Her political beliefs were reflected in her art, in works such as a series on bullfighting that Matthew Sperling called "more sympathetic toward the bull," and a series of environmental works made with recycled materials.
Also, she collected modern art, staying ahead of the curve as she bought pieces on the cheap that would grow in value over the years, often to be sold later to fund various social and political causes she was involved with. She had a keen eye — think
"A lot of people buy art to have its value go up and to stick it on the wall and stand back from it. My mom bought because she loved a piece and knew the artist," Karen Sperling said. In their house, "there would be a Henry Moore on the floor next to a teddy bear…. Nothing was precious because of its expense or beauty. It was to live with. She had a collection to live with. That attitude just made it part of our home."
At that home there was also activism and with it, social consciousness. Betty and Stanley, who died last September at 96, regularly hosted events for dozens or hundreds of people. Imagine Walter F. Mondale or Sen. Edward M. Kennedy, John Kenneth Galbraith or Abbie Hoffman, speaking and often raising money in an art-filled living room that was a launching pad for any number of campaigns and political causes. Those events were also a place people could just meet and mingle.
The home was always "open to conversation about the arts, music, literature, politics," Karen Sperling said. "Her whole life was devoted really to encouraging people to speak to each other and to learn what was going on in the world."
Matthew Sperling said his mother, though modest, was proud to be an American, and she and her second husband gave "significant support" to the presidential campaigns of Eugene McCarthy, George McGovern, John Anderson, Barack Obama and Bernie Sanders, and they hosted former President Clinton at their home when he was governor of Arkansas.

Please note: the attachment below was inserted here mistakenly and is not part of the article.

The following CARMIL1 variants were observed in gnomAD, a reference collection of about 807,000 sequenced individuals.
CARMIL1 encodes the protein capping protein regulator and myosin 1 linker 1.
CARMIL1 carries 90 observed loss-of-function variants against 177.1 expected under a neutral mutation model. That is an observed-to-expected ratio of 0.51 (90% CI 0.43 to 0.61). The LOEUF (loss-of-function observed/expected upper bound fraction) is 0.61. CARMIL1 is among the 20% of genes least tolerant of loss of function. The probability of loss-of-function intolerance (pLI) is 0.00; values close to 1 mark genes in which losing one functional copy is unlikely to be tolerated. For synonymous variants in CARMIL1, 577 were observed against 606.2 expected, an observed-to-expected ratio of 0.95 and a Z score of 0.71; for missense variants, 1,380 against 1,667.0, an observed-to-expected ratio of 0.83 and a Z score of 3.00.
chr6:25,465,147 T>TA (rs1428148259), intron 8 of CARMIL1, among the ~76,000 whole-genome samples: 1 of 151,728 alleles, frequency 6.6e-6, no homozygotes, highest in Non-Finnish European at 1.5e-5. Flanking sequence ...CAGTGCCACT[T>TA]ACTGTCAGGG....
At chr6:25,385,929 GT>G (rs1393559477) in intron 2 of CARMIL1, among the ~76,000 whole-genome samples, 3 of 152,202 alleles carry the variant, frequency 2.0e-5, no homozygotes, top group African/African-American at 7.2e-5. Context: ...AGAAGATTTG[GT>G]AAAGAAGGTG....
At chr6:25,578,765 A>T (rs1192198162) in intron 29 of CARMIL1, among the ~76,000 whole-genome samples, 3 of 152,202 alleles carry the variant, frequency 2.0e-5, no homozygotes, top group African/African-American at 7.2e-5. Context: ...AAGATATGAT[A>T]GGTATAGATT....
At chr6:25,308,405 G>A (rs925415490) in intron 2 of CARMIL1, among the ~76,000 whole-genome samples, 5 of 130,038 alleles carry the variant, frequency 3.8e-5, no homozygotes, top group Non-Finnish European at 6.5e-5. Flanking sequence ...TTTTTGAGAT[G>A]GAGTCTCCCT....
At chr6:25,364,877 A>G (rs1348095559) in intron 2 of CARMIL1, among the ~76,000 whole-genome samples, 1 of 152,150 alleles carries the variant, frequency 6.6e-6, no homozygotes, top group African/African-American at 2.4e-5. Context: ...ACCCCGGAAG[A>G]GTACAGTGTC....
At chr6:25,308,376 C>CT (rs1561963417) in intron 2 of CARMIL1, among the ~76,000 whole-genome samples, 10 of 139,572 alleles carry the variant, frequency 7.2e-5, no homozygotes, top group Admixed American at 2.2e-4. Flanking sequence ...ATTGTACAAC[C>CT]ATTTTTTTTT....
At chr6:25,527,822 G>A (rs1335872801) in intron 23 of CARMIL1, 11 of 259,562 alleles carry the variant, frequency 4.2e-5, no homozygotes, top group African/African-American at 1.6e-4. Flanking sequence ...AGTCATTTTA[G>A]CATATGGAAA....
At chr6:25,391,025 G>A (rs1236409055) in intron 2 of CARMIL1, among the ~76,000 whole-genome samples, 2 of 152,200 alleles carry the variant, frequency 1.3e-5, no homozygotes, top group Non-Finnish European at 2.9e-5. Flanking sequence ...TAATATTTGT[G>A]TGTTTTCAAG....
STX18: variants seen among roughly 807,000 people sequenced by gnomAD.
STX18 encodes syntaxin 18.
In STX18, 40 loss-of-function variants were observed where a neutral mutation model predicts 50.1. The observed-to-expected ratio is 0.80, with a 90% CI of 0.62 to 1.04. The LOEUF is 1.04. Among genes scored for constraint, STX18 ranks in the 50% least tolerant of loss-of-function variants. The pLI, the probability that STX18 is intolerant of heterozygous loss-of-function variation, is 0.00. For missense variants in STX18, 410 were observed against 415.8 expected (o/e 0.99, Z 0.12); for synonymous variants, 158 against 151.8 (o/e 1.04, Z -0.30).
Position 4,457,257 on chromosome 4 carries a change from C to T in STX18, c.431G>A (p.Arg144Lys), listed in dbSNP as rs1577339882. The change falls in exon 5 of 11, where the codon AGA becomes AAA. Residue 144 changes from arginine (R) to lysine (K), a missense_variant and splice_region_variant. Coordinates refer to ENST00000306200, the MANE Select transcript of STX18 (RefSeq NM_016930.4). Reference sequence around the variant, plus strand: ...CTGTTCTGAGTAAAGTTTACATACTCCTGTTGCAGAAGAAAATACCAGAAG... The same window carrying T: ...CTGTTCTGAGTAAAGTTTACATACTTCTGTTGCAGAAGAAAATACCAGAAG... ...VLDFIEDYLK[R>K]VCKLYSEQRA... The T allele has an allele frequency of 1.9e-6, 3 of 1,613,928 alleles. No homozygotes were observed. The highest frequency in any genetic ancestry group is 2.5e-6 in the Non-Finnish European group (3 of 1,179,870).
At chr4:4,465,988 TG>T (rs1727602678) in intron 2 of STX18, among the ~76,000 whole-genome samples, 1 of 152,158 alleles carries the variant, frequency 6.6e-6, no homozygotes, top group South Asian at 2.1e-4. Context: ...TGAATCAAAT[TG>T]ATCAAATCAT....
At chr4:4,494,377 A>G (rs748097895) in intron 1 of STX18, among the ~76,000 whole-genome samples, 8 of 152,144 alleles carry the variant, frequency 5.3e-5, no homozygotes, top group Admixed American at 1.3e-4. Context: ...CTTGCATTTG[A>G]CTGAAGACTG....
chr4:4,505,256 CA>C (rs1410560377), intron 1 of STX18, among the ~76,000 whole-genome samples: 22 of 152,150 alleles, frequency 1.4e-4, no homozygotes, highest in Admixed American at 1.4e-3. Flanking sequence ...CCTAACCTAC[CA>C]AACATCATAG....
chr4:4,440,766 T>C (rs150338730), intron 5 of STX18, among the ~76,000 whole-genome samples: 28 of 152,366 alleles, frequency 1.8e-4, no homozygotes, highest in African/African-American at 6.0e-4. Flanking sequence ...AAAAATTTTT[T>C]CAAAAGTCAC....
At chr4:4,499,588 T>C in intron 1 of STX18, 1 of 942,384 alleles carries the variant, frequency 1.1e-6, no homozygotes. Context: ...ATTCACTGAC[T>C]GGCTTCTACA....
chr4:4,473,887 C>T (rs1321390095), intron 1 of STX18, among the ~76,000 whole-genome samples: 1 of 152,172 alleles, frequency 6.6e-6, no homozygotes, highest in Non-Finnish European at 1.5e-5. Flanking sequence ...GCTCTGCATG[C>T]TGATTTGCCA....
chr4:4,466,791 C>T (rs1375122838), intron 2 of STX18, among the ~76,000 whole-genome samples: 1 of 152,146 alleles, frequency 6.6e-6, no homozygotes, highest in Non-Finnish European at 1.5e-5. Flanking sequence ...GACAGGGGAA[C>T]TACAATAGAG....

Karen Sperling said her mother was "always worried" about the state of the world, however, and in the months before her passing would simply roll her eyes and say things like, "How did we get here?" and, about the current president, "How did we get him?"
"She was deeply concerned about the direction of the country," her son said.
Betty Sheinbaum was also proud to be a Warner, he said. "She didn't distance herself from the family … but she was her own person. It was reflected in her collecting. It was reflected in her art.
"She was an independent woman, and when you're married to Stan Sheinbaum and to my dad, who at the time was an important producer and screenwriter, and had her father as Harry Warner — to be an independent woman was really an accomplishment."
Sheinbaum is survived by three of her four children: Karen Sperling, Cass Warner and Matthew Sperling (daughter Desiree Sperling, born Susan Sperling, died in 2006). She also leaves eight grandchildren and 13 great-grandchildren.